Food & Drink Advice

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20 Novembre 2019

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With a city nicknamed Caput Mundi—Capital of the World—it’s only natural that Romans are accustomed to seeing their home as unrivaled in matters of history, culture, and food. And while it’s true that traditional local cuisine holds a sacred place at the table, the Rome is hardly impervious to change. The city’s classics, from carbonara to cacio e pepe, are still universally beloved, but Rome’s dining and drinking culture, like that of all cities, is in a constant state of evolution (albeit at a glacial pace compared to New York, Paris or London).

Recently, tightening purse strings, transitioning food systems, and changing palates have conspired to create exciting new ways of dining, drinking, and shopping for food.

Where to Eat & Drink in Rome

The innovative features of Rome’s flourishing food and drinks scene are at their best when they use tradition as a foundation: neo-trattorias like Santo Palato serve honest classics with a few clever twists, while the booming independent enoteca scene, embodied by wine bars like Il Sorì, La Mescita, and Mostò embrace natural and traditional wines. Craft beer pubs like Ma Che Siete Venuti a Fa’ and Artisan, run by enthusiastic experts, promote small producers over conventional choices and a revived interest in food provenance has given rise to a growing number of farmers’ markets, which contrary to popular belief are relative newcomers to the city’s gastronomic landscape.

Visitors to the Italian capital will be endlessly satisfied, whether they are after traditional foods or fresh flavors–but only if they know exactly where to look! So, where should you eat, drink, and shop for food in Rome? SO MANY AWESOME PLACES. I have so many resources dispersed over so many platforms, I can hardly keep track of it all. Here they are all in one place so you’ll have all my personally and independently* vetted recommendations for dining and drinking in Rome.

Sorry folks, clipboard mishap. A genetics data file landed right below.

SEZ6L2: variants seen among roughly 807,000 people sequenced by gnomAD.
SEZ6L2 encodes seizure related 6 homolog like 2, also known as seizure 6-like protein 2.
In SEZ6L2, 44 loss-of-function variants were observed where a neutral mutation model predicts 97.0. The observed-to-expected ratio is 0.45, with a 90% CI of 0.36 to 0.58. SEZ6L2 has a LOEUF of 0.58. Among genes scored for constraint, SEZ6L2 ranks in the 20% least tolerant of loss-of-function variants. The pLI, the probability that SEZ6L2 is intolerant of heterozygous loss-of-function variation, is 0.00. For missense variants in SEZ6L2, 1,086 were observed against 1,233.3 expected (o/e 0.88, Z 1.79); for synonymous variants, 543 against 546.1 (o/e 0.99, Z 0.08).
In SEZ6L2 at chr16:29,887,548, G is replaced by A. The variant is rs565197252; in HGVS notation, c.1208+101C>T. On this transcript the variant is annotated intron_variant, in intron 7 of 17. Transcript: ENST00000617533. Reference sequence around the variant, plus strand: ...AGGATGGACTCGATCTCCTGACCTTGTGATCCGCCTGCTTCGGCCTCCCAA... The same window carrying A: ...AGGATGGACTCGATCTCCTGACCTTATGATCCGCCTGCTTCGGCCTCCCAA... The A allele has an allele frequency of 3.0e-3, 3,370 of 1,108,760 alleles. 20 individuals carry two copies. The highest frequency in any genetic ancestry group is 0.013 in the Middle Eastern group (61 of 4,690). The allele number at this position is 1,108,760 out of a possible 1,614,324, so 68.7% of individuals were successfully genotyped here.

Cucina Romana

If you are after traditional cucina romana at moderate prices, Armando al Pantheon and Cesare al Casaletto are your best bets. And for super honest, affordable, delicious Roman/Umbrian/Sardinian specialties, plus pizza, serve with a smile, Tavernaccia Da Bruno is it.

RoscioliSanto PalatoMazzo may not serve explicitly traditional classics, instead blending modern techniques with local flavors, but all three are excellent. I have a handy guide for getting the most out of your visit to Roscioli, a must-read before this must-visit.

Pizza

For Neapolitan style pizza, check out TondaSforno, Sbanco, and La Gatta Mangiona, while Da Remo and Pizzeria Ostiense serve excellent thin crust Roman pies. 180g Pizzeria Romana does thin-crust Roman style with a gourmet flare. Don’t miss pizza by the slice at Pizzarium and Panificio Bonci (or Bonci’s new spots in Mercato Centrale and the Flaminio district). I also like Prelibato for a slice. The pizza bianca at Antico Forno Roscioli and pizza rossa at Forno Campo de’ Fiori are delicious, as are the various flavored slices at the latter (Forno Roscioli’s pizzas are heavy IMO). For tasty little pizzette, visit Da Artenio in the Mercato di Testaccio. And for a round-up of these and other favorite places for pizza in Rome.

Fine Dining

You may wish to give fine dining a pass. So much of it is so disappointing, derivative, and precious. But if you must, I highly recommend Metamorfosi in Parioli, which is the only Michelin-starred spot in Rome that I really have fun at. Il Sanlorenzo, an upscale fish restaurant in central Rome, may not have a star, but you’ll find formal service, an elegant atmosphere, and the finest fish dishes in town. (Not everyone reports the same service experience–see comments below). For more fresh fish at prices that reflect their high quality (fresh fish in Italy is very expensive), I love raw dishes, fried starters, and seafood pasta at Tempio di Iside.

Jewish Classics

For kosher meals, try C’e’ Pasta…e Pasta, which serves Roman Jewish classics cafeteria-style. In the Ghetto, Boccione Forno del Ghetto does amazing fruitcake called pizza ebraica, as well as spectacular almond paste and ricotta cakes. Nearby, Nonna Betta serves kosher-style food in a restaurant setting. Stick to the the pezzetti fritti, concia (fried and marinated zucchini) carciofi alla giudia (in season in the winter), and spaghetti con bottarga e cicoria.

Street Food

Go to Testaccio or San Giovanni for brisket or artichoke or kidney sandwiches at Mordi e Vai. The trapizzini at the growing number of Trapizzino shops are a must (especially the chicken cacciatore)! I’m a fan of the Trastevere location in Piazza Trilussa, which is currently the only branch with table service and a full-on wine list. The suppli’, potato croquettes, and fried pastry cream at Supplizio are super tasty.

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